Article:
A couple of reporters from Canada here in Fukushima at the moment. I was asking them if they were sent here by their employer or if they came at their own expense. They said they were here off their own bat, as their agency was reluctant to send reporters to Fukushima because the Canadian government doesn't recommend people come here...All I can say is thank you for coming and seeing what it's like here and letting people know what's going on as the situation is certainly not all fixed and many people are still seriously affected by what happened at the Fukushima Dai Ichi Nuclear Power Plant. 





10 comments:

  1. Thanks for writing about this. You were in my thoughts and those of most of the foreign wives I know in Japan during those first few days. I was relieved when I heard you were okay. We still worry though!

    I too am glad that the reporters are here and keeping those who had a hard time in the media.

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  2. It seems that anything I have to deal with pales in comparison to what happened to so many people one year ago...I continually remind myself how fortunate we were and are. I'm glad you guys were safe. I remember reading about what a nightmare it was for you ...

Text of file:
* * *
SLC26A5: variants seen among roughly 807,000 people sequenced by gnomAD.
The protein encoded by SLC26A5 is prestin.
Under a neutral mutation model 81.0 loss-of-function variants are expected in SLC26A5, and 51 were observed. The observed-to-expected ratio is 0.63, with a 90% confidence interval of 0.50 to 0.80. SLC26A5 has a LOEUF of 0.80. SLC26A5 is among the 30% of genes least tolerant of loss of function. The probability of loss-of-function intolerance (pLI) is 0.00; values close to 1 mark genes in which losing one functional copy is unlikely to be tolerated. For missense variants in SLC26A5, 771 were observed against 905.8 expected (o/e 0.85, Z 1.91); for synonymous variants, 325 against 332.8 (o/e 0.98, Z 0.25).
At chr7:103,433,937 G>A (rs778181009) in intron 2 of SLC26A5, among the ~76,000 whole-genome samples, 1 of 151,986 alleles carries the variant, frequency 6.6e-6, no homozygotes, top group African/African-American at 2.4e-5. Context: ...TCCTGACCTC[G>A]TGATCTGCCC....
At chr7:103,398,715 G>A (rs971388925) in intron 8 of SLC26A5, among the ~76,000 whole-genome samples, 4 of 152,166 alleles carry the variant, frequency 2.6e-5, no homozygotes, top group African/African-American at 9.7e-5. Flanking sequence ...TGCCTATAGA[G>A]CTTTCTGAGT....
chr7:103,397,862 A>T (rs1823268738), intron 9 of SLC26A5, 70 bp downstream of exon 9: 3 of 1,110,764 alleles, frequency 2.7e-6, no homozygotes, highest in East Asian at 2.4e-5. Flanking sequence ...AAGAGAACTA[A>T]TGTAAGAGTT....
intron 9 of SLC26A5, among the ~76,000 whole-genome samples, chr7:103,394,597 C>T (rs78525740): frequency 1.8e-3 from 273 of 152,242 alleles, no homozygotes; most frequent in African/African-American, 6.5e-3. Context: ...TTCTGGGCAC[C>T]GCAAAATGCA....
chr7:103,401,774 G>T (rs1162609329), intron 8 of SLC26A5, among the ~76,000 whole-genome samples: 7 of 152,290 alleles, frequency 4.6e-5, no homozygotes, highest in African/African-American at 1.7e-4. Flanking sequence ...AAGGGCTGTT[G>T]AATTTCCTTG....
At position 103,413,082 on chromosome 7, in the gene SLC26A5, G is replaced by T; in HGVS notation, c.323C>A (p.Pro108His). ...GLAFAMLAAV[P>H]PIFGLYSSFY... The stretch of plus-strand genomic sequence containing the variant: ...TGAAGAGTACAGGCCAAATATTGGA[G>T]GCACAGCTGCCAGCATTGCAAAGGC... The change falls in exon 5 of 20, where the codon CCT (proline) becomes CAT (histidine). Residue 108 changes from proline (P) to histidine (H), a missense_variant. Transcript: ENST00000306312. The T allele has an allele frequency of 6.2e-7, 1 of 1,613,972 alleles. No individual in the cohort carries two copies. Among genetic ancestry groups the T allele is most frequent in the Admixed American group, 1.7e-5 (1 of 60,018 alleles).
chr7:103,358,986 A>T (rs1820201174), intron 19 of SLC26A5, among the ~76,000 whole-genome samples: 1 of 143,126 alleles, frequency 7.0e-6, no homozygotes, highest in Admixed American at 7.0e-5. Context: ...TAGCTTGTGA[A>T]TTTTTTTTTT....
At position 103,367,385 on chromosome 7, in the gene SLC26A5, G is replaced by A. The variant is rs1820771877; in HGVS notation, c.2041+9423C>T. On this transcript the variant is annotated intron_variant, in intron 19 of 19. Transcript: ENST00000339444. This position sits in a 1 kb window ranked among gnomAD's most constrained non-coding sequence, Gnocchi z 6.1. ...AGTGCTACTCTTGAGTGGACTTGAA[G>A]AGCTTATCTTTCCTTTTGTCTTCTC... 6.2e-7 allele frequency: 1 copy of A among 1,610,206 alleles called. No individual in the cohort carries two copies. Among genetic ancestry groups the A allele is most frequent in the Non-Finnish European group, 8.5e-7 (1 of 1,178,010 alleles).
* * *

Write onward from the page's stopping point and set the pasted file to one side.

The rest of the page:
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  3. Hi Medea and Mrs N. Thanks for your kind words and thoughts for us here in Tohoku.

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  4. I agree with you that the media needs to take a break- at least up in your area. I went to Sendai last month and was surprised to see so much about it on the news compared to what we see on TV in Okayama. Maybe it's the news I watch, but we don't see much. It seems strange that the people who are ゛living through it゛would see so much coverage and that the people who might forget it don't see as much...

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  5. A year has gone so quickly. We hear very little about it here in France, so it's interesting to hear it from your perspective, as someone who is far closer and more aware of what's happening - thanks.

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  6. Hi Wendy, thanks for your message! :) Yes, I'm sure the rest of their world has their own troubles so Japan's are not centre stage anymore. Not even in all areas of Japan as Jane said above.

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  7. I'm Japanese housewife in Fukushima. Well...I'm glad to come across your posting and be able to know your life in Fukushima prefecture. It must be daring for you to stay this place, although I don't know if you are still in Japan or not.
    I hope you still visit this blog and notice my posting.

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  8. Thinking of you, would love to hear how you are doing.

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  9. Hi Anonymous. Thanks for your message. We are fine! I'm thinking about doing a come-back post soon! Watch this space!

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  10. Just wanted to say how much I enjoy your blog...very honest and down to earth... I hope your family is well and hope you find the right time to blog again.